Structural requirements for beta 1 integrin cytoplasmic domain functions in adhesion, migration and signaling have been studied mainly for fibroblasts in vitro. The relevance for beta 1-dependent in vivo migration of lymphoid cells has not been assessed. To study this, we transfected beta 1 mutants into beta 1-deficient double knockout (DKO) ESb lymphoma cells, and tested the capacity of the cells to metastasize to liver and spleen. This was compared to alpha 4 beta 1-dependent invasion into cell monolayers in vitro and Mn2+-induced adhesion to fibronectin. Deletion of the five C-terminal residues or mutation of both threonines T788 and T789 to alanines blocked invasion and metastasis and greatly reduced adhesion, in line with known in vitro effects. However, mutations of the NPXY motif tyrosines had unexpected consequences. A Y783F mutation had no effect at all, but a Y783,795F double mutation strongly reduced Mn2+-induced adhesion, whereas it had limited effects on invasion and metastasis. Furthermore, cells expressing a beta 1 beta 2 chimeric subunit, which contains phenylalanines in the NPXY/F motifs, adhered poorly but invasion and metastasis was fully restored to the same levels as for cells expressing wild-type beta 1. We conclude that part of the functions of the beta 1 cytoplasmic domain that are required for adhesion are not essential for beta 1-dependent invasion and metastasis.  (+info)

(6/253) Extra-abdominal desmoid tumor of the hand: a case report and review of the literature.

Extra-abdominal desmoid tumor of the hand is rare and only 10 cases have been described in the literature. We present a 14-year-old boy with a recurrent extra-abdominal desmoid tumor in the dorsal site of the right hand. MR image demonstrated the tumor in the third dorsal interosseous muscle, and adhered to the radial side of the forth metacarpal bone. The lesion revealed iso-signal intensity on T1-weighted images and high intensity on T2. We performed a marginal excision. Histological examination of the tumor showed proliferation of the fibroblastic cells with abundant collagen bundles. He developed local recurrence for the third time. The size of the third recurrent tumor has not been changed for 2 years and 3 months. Therefore, we have not performed any additional surgery. Since extensive resection markedly diminishes the function of the hand, we consider that a marginal surgical margin is acceptable for the quality of daily life of patients with a desmoid tumor of the hand.  (+info)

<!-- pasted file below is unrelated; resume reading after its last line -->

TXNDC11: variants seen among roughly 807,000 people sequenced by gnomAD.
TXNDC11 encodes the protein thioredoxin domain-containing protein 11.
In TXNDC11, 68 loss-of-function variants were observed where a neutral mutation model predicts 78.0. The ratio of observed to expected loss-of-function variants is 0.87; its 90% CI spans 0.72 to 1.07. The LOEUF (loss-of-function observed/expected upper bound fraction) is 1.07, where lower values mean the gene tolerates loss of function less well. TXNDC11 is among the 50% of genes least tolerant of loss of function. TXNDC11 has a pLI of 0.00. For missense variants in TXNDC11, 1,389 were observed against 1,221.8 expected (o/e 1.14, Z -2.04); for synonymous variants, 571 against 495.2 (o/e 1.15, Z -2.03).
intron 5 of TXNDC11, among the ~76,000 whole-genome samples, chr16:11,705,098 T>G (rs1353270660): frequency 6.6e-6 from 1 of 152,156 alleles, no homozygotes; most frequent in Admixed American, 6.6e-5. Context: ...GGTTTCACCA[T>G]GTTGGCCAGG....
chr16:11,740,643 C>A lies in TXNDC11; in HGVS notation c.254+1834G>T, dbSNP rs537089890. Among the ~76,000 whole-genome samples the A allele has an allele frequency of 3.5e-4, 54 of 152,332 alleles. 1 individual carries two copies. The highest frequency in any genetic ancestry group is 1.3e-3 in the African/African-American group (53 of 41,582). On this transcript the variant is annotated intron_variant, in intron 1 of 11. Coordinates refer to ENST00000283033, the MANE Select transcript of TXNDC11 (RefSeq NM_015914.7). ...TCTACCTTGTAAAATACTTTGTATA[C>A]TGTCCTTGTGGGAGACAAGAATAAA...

(7/253) Irradiation of a primary tumor, unlike surgical removal, enhances angiogenesis suppression at a distal site: potential role of host-tumor interaction.

Changes in distal angiogenesis in response to irradiation of primary tumors are not known. To this end, PC-3, a human prostate carcinoma, and FSA-II, a murine fibrosarcoma, were grown in the gastrocnemius muscles of male nude mice. Distal angiogenesis was measured in gel containing human recombinant basic fibroblast growth factor placed in the cranial windows of these mice. PC-3-bearing mice showed inhibition of distal angiogenesis, as compared with non-tumor-bearing controls. Surgical removal of tumors tended to accelerate distal angiogenesis; in comparison, after irradiation of the PC-3 primary tumor, rates of angiogenesis in the cranial window were retarded. Irradiation of the non-tumor-bearing leg or of non-tumor-bearing animals showed no measurable effect on rate of growth of vessels in the cranial window. Similar results were found with the FSA-II tumors, with slowed distal angiogenesis in tumor-bearing animals and further suppression in animals with irradiated tumors. These results demonstrate that the effect of irradiation of a primary tumor on angiogenesis at a distal site may differ from the effect of surgical removal of the primary tumor. Unlike surgery, irradiation of a tumor may enhance angiogenic suppression at a distal site, and this difference may involve host-tumor interaction.  (+info)

(8/253) h-Caldesmon as a specific marker for smooth muscle tumors. Comparison with other smooth muscle markers in bone tumors.

Caldesmon is a protein widely distributed in smooth and non-smooth muscle cells and is thought to regulate cellular contraction. Its isoform, high-molecular-weight caldesmon (h-CD), was demonstrated to be specific for smooth muscle cells and smooth muscle tumors of the soft tissue and to never be expressed in myofibroblasts. We performed an immunohistochemical study to examine h-CD expression in the following bone tumors: conventional and non-conventional osteosarcoma, 13; malignant fibrous histiocytoma of bone, 5; giant cell tumors of bone, 5; chondroblastoma, 3; metastatic leiomyosarcoma, 2; and rhabdomyosarcoma, 1. Frequent immunoreactivity for muscle actin (alpha-smooth muscle actin or muscle-specific actin) was seen in 11 of 13 osteosarcomas and all other tumors, whereas h-CD was expressed intensely only in 2 leiomyosarcomas. h-CD is considered a specific and useful marker to distinguish smooth muscle tumor from bone tumors with myoid differentiation.  (+info)